After a decade plus of playing Iron Man, it’s difficult to think of Robert Downey Jr. doing anything else. Though as his time in the MCU has proven, he holds an adept comedic charisma and immeasurable dramatic ability that makes him an attractive actor for most directors. Which makes his first post-Iron Man film a surprise. The third iteration: the first starring Rex Harrison (1967) and the second Eddie Murphy (1998)—of Hugh Lofting’s 1922 children’s novel The Voyages of Dolittle stars Downey Jr. as the eccentric physician who speaks to animals. Simple. Nevertheless, Stephen Gaghan’s Dolittle is too overwrought for a fantasy adventure and tonally scattered, and Downey Jr. flails in a performance rife with missteps in relation to creative decisions.
Dolittle in many regards takes greater influences from the 1967 adaption, and the original novel than the 1998 version. Fashioned as a fairy-tale, Gaghan initially employs animation to impart the physician’s tragic backstory. Dr. Dolittle was renowned for his gift of talking to animals. He had a wife who shared the same passion and ability. Their fame was so great, the Queen of England honored them with an estate to carry out their work. However, the doctor’s wife tragically goes missing looking for Eden Island, leaving him devastated. He locks himself away on their estate, away from humans, only surrounded by animals.
While the rest of the film uses live action, one gets the sense that Dolittle would’ve been better as a cartoon. Instead, computer graphics are used to create the animals. There’s the wise macaw Polynesia (Emma Thompson), Chee-Chee (Rami Malek) a scared gorilla, the odd duck Dab-Dab (Octavia Spencer), Plimpton (Kumail Nanjiani) a jerkish ostrich, and an MCU re-team with Tom Holland as a dog named Jip. These star-studded children’s movies have become the rage, and performers readily sign up for them. However, to read Ralph Fiennes, Selena Gomez, Marion Cotillard, Jason Mantzoukas, and Frances de la Tour as add-ons can be a dissatisfying bait for older viewers.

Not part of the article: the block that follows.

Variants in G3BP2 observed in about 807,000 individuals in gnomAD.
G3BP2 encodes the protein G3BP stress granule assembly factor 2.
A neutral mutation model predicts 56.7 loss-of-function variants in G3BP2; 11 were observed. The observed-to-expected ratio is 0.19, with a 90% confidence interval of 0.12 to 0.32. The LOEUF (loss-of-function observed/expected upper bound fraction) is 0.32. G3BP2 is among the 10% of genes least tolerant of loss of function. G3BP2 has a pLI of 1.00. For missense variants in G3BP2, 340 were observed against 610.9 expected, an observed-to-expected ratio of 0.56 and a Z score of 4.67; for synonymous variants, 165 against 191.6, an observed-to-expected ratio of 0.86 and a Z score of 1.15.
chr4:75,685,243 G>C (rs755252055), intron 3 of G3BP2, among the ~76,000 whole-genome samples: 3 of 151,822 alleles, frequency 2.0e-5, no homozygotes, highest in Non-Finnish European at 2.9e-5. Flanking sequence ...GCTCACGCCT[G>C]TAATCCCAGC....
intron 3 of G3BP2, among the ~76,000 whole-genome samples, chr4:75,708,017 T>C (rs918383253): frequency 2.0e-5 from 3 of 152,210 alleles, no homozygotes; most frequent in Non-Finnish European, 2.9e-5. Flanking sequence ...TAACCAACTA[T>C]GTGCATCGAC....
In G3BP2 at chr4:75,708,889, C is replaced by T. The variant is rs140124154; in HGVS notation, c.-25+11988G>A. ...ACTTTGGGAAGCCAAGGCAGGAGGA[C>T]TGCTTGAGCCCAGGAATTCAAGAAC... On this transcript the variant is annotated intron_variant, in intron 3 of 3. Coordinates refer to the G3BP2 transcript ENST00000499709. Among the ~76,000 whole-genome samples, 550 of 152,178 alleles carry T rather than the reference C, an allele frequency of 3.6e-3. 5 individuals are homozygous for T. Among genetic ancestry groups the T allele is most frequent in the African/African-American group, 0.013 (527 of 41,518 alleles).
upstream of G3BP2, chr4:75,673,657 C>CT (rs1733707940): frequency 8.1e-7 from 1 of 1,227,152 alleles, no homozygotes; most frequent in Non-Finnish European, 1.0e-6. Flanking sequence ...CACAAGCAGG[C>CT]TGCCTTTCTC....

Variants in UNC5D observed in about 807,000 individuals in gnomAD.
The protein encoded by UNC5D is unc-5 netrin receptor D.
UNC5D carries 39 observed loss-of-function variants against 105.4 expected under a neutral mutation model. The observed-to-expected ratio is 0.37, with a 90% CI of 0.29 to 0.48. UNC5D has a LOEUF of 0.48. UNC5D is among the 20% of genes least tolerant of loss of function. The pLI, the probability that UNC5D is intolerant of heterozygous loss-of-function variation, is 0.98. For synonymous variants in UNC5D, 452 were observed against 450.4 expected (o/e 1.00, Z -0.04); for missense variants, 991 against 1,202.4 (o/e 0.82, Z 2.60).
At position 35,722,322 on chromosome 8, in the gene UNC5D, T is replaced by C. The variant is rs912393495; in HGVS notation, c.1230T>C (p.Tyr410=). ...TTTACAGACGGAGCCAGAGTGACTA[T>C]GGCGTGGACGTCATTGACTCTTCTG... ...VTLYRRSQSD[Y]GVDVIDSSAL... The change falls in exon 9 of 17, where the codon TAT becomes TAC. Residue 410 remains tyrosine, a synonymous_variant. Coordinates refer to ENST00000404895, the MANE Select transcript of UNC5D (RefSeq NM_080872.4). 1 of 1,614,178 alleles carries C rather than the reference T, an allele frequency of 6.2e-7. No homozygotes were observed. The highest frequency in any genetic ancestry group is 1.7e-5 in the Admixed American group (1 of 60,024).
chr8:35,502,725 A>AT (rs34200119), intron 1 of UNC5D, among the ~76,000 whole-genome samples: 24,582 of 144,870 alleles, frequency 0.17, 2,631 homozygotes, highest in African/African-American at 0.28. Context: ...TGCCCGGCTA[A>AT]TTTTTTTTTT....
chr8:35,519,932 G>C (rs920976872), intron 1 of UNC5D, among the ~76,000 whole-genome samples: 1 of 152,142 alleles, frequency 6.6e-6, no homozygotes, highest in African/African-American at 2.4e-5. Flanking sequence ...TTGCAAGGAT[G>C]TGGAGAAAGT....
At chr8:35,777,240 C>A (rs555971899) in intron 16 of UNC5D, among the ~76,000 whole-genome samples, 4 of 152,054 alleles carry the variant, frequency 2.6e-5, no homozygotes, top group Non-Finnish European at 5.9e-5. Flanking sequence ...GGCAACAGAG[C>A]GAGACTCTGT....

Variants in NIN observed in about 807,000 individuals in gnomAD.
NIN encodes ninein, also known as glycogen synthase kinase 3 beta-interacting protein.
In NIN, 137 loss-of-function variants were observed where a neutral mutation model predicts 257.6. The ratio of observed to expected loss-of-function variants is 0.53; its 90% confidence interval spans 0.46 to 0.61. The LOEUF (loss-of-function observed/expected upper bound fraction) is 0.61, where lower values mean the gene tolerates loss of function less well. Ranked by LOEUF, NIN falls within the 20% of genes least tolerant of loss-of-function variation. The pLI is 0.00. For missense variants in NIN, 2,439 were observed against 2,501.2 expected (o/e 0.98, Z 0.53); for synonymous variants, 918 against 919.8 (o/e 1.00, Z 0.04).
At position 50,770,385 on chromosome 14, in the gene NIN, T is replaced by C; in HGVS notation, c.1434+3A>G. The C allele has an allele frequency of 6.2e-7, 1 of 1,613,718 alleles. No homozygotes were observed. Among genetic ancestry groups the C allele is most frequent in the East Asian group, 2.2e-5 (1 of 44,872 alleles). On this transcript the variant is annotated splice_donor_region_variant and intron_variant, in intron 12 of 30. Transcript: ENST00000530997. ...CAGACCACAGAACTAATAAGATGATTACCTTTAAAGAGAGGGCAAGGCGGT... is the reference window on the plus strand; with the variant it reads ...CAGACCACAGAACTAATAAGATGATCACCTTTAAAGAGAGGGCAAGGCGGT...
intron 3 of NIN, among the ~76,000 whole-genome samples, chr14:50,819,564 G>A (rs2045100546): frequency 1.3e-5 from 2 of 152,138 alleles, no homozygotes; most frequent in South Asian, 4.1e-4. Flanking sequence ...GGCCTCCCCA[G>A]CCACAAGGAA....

In any case, Dr. Dolittle’s life takes a turn when a young boy Tommy Stubbins (Harry Collett) appears at his front door with an injured squirrel (Craig Robinson). And later, when Lady Rose (Carmel Laniado) emerges too. They find the physician living as a recluse—with a beard longer than the yellow brick road and hair more shaggy than a cowardly lion. Lady Rose arrives to tell the doctor that the queen (Jessie Buckley) is sick and requires his assistance. Dying, the Queen needs the fruit from an Eden Tree to save her, which causes Dr. Dolittle and Stubbins to sail to the fabled island to find the fruit.
Dan Gregor, Doug Mand, and Gaghan’s screenplay relies on contrasting character dynamics: For instance, the polar bear Yoshi (John Cena) and Plimpton trade one-liners, insulting each other’s appearances and intelligence. Moreover, Chee-Chee’s cowardliness is played for laughs too. However, Dolittle overflows with too many animals vying for attention. We never get a sense of any individual arc. The over stimulation also causes some jokes to fall flat, while muddying an overabundant messages Dolittle tries to communicate: working together, conquering your fears, and forgiveness.
These components thrust a nearly insurmountable pressure upon Downey Jr. to pull together several disparate narrative threads. However, he’s given even more tangents. Dr. Dolittle’s arc expresses the debilitating effects of grief. Additionally, in some respect, Gaghan’s film is also a coming of age story for Stubbins. With the physician as his mentor, Stubbins tries to discover his place in the world. These elements would be heartfelt, if their adventure didn’t recede to the animals’ interpersonal issues. Oddly, Downey Jr. also employs an accent too, which is difficult to place. It slips between Scottish and Welsh. The decision signals an odd misstep for an actor who once portrayed Charlie Chaplin and Sherlock Holmes. While his tense vocalization and guarded syllables do display a man who’s lived through trauma, it distracts from the story almost as much as the spotty CGI of the animals.
Dolittle only survives due to its villains. For one, Michael Sheen plays a wonderfully cartoonish foe in Dr. Blair Müdfly. Often self-conscious of his standing in relation to Dr. Dolittle, his pettiness adds a richness to a film that rarely discovers its center. Moreover, Antonio Banderas appears as a buzz-cut grey-haired King of the Pirates dressed in campy Mardi Gras garb. And he’s menacing. But at a 106-minutes, with too many storylines to count, these components never claim center stage. In fact, even the great Jim Broadbent can’t seem to find screen time. Overwrought and narratively opaque, Gaghan’s Dolittle isn’t sufficient for a pun of its name. Instead, it sinks deeper into an overcrowded fantasy to the point of embracing an average reality.